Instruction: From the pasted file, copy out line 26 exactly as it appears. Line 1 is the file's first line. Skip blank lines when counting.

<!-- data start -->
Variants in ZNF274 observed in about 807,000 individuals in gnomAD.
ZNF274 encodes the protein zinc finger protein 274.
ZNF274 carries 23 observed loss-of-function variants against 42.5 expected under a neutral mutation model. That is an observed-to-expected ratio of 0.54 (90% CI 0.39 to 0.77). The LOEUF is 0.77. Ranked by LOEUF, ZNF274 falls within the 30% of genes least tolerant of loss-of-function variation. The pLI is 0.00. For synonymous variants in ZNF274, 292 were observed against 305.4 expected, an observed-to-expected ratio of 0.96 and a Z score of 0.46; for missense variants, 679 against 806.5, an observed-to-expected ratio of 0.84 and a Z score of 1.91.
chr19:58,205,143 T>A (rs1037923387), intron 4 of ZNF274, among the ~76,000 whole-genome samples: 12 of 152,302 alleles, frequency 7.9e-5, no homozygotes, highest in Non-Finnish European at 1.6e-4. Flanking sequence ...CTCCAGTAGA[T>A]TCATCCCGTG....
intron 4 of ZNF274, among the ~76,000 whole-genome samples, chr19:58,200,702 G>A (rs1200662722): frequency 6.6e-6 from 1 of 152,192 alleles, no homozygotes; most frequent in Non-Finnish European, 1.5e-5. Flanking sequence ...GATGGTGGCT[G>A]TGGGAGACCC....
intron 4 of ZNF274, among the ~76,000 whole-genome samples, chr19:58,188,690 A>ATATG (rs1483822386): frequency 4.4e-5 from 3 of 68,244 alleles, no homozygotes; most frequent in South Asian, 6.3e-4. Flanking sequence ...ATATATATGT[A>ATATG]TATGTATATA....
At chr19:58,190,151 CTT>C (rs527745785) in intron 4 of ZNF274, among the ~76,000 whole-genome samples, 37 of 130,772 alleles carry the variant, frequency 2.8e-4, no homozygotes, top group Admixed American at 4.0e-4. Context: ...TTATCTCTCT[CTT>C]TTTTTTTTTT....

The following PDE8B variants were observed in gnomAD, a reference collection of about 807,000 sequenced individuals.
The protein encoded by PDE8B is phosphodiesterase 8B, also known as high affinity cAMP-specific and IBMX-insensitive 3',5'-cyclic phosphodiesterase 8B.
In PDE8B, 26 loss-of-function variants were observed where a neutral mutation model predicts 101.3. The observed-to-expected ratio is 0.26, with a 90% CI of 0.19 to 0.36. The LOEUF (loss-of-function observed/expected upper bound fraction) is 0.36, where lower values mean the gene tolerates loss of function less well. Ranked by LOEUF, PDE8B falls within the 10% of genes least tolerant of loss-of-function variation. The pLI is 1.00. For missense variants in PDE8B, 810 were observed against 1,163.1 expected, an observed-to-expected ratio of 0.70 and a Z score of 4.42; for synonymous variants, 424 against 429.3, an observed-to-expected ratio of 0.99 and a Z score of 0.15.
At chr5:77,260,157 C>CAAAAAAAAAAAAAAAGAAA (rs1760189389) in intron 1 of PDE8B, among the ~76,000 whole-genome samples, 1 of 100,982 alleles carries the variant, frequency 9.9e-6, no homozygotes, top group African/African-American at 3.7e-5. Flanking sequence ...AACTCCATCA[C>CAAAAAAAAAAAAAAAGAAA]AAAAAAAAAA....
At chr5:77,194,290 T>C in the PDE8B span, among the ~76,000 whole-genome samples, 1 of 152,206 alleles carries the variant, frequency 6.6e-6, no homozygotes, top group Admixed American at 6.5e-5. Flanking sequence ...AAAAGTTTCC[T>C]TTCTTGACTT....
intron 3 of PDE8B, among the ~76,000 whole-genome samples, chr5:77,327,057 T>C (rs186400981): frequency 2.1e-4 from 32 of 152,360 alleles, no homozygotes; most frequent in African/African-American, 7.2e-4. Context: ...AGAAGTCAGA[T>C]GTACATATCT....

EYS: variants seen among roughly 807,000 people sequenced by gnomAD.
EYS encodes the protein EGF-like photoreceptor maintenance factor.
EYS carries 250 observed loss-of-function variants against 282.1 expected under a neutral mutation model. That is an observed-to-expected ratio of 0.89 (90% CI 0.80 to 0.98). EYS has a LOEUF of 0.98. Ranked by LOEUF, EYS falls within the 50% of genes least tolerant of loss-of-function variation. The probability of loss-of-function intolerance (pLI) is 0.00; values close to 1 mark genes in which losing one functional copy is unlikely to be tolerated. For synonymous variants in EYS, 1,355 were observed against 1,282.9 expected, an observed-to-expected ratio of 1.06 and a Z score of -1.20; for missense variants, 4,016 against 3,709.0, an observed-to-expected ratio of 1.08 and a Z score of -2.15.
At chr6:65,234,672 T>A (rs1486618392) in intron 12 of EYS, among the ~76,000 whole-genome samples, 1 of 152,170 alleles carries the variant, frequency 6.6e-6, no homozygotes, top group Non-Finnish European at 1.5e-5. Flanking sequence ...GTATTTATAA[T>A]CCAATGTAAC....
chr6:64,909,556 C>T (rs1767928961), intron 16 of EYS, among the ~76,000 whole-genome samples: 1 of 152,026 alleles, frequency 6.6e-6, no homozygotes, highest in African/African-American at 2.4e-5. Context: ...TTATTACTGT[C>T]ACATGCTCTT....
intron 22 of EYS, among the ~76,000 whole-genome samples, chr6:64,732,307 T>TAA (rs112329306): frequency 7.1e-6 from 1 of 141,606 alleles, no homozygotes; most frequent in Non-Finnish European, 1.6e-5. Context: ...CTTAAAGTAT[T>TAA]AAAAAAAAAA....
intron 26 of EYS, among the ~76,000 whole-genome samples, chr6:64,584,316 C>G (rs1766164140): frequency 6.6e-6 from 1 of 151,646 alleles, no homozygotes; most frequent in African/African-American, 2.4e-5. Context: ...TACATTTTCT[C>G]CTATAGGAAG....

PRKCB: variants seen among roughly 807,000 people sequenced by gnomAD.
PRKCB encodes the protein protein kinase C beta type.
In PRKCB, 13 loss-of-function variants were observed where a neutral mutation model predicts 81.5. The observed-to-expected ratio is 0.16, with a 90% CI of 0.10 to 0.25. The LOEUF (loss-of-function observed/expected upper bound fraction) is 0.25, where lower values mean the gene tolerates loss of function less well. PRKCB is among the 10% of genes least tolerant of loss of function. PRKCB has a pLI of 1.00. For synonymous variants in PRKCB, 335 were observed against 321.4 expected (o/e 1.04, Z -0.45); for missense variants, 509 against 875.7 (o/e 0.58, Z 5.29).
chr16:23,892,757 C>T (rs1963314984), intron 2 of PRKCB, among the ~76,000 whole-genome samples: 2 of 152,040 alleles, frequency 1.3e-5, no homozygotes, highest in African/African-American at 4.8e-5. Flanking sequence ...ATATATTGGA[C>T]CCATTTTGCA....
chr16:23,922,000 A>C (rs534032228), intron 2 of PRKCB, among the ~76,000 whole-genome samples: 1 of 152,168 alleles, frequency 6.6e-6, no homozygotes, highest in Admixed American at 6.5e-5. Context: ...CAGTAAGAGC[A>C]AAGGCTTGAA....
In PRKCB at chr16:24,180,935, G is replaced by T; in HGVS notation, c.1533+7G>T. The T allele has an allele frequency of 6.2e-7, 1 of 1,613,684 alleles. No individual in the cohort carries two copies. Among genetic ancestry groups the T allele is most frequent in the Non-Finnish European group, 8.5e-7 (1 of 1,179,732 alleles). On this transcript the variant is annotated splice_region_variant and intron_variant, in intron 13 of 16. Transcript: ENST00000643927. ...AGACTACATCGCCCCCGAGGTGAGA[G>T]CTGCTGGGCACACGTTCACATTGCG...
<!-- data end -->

In PRKCB at chr16:24,180,935, G is replaced by T; in HGVS notation, c.1533+7G>T. The T allele has an allele frequency of 6.2e-7, 1 of 1,613,684 alleles. No individual in the cohort carries two copies. Among genetic ancestry groups the T allele is most frequent in the Non-Finnish European group, 8.5e-7 (1 of 1,179,732 alleles). On this transcript the variant is annotated splice_region_variant and intron_variant, in intron 13 of 16. Transcript: ENST00000643927. ...AGACTACATCGCCCCCGAGGTGAGA[G>T]CTGCTGGGCACACGTTCACATTGCG...